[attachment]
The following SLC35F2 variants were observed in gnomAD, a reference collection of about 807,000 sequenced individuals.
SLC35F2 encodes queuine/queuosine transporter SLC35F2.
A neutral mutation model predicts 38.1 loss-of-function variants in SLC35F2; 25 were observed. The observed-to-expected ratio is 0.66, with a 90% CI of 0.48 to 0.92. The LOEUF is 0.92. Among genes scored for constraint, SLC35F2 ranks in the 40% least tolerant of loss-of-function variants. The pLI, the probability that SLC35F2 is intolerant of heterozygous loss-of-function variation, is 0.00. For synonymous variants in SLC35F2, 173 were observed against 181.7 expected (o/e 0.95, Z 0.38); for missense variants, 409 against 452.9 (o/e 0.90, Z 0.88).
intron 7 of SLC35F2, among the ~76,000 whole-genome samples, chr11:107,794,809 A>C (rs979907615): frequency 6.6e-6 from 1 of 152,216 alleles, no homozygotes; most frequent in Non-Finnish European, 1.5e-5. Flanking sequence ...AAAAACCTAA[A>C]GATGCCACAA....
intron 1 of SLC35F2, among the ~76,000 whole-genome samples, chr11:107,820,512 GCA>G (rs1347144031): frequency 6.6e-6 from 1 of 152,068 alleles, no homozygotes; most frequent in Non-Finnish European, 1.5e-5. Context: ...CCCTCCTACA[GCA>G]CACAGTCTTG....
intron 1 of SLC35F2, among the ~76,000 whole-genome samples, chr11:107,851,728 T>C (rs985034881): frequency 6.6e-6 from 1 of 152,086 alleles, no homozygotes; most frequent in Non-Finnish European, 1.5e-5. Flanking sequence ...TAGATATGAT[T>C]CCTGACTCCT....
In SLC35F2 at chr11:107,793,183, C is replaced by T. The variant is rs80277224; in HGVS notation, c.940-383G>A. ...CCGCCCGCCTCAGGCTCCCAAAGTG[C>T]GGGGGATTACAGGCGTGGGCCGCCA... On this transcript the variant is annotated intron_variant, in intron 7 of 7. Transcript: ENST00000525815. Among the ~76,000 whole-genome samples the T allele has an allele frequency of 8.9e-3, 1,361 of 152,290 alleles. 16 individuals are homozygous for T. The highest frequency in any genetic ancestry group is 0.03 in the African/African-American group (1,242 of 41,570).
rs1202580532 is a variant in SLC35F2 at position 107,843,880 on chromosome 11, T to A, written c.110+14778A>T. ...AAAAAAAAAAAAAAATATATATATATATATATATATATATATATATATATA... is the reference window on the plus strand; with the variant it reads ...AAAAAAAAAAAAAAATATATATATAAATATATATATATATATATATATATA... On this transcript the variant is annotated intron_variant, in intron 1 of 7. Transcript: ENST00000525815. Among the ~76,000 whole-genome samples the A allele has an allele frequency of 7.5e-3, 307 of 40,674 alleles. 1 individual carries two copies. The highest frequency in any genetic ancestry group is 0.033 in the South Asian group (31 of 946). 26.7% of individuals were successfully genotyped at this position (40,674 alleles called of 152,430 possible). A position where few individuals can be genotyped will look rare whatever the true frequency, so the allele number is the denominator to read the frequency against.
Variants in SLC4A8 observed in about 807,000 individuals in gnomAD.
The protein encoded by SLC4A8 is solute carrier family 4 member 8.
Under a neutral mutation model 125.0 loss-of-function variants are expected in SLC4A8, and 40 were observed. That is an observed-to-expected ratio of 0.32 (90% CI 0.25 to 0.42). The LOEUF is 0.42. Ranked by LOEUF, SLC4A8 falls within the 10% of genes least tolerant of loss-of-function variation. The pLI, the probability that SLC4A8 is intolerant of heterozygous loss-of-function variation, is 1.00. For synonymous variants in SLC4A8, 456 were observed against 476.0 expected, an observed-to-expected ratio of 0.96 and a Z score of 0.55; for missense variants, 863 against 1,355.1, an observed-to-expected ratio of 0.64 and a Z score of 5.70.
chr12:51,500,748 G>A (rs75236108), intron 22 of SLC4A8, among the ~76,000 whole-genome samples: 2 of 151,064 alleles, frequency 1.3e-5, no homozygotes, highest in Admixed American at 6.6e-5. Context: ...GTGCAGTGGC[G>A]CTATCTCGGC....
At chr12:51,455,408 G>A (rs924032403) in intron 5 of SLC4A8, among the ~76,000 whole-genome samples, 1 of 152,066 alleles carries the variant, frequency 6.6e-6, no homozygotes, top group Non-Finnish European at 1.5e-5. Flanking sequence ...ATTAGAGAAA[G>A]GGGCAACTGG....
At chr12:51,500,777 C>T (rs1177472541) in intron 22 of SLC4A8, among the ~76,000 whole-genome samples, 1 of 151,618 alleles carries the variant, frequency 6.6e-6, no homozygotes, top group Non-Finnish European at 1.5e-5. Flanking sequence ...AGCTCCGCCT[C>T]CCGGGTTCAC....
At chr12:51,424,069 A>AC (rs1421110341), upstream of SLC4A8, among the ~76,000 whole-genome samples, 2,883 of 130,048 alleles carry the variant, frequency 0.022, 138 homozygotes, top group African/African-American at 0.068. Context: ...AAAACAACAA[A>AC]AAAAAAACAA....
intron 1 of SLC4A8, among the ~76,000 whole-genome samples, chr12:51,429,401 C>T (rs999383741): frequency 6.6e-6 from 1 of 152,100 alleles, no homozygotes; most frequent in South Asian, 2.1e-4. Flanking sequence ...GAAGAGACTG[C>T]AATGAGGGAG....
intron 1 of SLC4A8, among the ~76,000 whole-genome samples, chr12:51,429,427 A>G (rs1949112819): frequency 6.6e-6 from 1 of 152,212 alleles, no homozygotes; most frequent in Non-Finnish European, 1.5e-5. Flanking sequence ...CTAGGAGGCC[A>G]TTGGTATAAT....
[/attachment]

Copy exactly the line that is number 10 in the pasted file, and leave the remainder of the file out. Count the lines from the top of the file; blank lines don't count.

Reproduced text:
The protein encoded by SLC4A8 is solute carrier family 4 member 8.